Car exhaust limits.

Update on 29 Nov 2013: The E.U. resolved a dispute about tightening car exhaust pollution standards in which Germany was trying to get laxer standards to appease its large large-car manufacturers. The E.U. ministers compromised on delaying the stricter standards by one year until 2021, when max. 95 g carbon dioxide per kilometer will be permitted for new cars.

The one-year delay will make the 95 g/km rule apply for 95% of new cars in 2020 and 100% in 2021. ZDF heute journal financial correspondent Valerie Haller said German manufacturers sell heavier cars than French and Italian manufacturers, so they will benefit well from the extra year to develop compensating technology. Also, the new rules say only 4 L/100 km of gasoline can be consumed, which small light cars manage but heavier cars will need electric motors to accomplish. Car manufacturers’ supplier Bosch said that practically means the end of purely-gasoline or purely-diesel “grosse Klasse” cars, meaning I think the big expensive German automobiles. Road traffic is one of the top three air polluters, Ms. Haller said, and the E.U. has promised to reduce its air pollution to try to mitigate the disasters that will be caused by climate change.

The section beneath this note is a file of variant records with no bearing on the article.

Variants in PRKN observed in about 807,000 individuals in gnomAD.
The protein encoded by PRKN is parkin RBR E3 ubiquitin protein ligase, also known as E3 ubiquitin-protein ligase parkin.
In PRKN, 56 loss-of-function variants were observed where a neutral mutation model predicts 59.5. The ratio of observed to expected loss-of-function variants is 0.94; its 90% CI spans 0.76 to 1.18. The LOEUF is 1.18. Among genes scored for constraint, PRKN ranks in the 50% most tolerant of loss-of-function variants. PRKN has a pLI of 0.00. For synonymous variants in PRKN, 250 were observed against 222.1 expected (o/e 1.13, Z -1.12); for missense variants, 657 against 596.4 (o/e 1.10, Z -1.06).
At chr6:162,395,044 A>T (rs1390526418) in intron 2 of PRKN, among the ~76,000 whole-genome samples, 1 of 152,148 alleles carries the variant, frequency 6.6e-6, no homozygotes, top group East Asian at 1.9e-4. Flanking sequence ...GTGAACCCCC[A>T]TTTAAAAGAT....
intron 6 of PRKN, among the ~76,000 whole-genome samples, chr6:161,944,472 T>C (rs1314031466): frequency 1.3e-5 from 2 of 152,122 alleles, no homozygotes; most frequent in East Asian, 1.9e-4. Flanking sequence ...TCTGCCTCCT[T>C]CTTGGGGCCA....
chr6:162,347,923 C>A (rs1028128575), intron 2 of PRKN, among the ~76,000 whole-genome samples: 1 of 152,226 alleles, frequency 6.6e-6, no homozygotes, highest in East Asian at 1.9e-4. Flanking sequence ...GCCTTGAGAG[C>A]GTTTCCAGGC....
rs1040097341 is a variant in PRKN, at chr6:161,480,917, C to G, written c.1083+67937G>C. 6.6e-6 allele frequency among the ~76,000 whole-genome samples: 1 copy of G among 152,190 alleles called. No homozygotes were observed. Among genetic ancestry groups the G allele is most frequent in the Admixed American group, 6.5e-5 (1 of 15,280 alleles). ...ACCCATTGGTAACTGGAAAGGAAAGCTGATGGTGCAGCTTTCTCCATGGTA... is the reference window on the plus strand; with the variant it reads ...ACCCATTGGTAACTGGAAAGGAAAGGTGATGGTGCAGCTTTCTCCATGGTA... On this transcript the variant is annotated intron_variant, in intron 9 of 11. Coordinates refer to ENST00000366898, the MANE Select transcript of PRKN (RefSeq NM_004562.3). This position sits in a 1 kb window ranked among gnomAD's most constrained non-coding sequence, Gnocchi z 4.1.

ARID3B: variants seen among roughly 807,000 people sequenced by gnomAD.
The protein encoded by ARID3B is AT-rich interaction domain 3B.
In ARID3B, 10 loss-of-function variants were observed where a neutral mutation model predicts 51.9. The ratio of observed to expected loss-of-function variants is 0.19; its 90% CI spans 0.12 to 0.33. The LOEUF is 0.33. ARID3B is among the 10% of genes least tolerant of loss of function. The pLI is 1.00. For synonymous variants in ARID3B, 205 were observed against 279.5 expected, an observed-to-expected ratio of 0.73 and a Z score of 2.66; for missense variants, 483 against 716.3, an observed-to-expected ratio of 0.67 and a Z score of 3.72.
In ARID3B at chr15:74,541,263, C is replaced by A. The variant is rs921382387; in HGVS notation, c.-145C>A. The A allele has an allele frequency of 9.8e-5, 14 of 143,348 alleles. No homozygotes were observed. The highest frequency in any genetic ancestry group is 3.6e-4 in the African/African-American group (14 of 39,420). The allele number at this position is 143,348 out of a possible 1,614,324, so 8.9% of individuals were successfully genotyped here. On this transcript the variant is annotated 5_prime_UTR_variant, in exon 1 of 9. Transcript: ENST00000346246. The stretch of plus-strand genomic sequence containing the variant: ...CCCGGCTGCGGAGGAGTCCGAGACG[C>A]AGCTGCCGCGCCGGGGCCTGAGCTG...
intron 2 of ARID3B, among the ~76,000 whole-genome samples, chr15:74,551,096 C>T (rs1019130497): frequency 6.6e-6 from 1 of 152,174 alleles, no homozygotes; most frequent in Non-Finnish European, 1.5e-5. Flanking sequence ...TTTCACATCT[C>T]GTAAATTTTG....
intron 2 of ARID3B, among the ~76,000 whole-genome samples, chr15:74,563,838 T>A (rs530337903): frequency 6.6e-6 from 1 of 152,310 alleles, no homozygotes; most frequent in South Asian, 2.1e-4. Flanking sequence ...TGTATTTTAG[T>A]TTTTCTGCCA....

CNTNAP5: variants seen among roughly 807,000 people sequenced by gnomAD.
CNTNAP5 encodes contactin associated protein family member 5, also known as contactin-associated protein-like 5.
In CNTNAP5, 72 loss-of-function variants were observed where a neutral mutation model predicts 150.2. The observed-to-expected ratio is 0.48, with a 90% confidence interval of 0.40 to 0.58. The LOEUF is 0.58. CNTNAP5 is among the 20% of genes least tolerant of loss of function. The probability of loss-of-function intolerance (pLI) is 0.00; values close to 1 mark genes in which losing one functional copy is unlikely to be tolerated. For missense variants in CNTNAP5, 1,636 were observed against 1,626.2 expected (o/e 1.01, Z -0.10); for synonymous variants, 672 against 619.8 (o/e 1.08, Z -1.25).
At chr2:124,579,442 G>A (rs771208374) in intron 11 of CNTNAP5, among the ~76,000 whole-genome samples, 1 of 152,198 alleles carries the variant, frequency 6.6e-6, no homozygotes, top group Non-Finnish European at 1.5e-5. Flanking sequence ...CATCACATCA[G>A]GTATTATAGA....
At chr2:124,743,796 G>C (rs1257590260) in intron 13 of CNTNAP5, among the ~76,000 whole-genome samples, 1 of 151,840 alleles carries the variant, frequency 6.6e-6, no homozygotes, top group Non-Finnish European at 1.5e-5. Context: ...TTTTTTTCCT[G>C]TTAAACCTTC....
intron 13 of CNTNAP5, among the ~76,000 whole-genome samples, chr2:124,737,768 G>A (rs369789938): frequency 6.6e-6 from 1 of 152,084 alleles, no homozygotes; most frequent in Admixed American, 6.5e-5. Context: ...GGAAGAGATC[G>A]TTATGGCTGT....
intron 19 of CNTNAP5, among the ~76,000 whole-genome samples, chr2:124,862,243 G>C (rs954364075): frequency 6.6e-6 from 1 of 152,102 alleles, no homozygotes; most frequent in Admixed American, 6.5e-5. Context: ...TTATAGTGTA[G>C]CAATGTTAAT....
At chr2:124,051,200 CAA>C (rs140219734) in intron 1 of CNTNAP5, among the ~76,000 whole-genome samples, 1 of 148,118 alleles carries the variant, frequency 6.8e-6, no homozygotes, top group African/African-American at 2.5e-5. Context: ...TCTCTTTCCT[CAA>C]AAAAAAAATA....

A similar fight happened in 2013 over E.U.-mandated use of a more environmentally-friendly fluid in new cars, with France filing a complaint stating that German car manufacturers were out-of-compliance and German car manufacturers responding that their in-house tests had found the new fluid spontaneously combusts sometimes.

(OW! toe   OB gauze gren tsen.)

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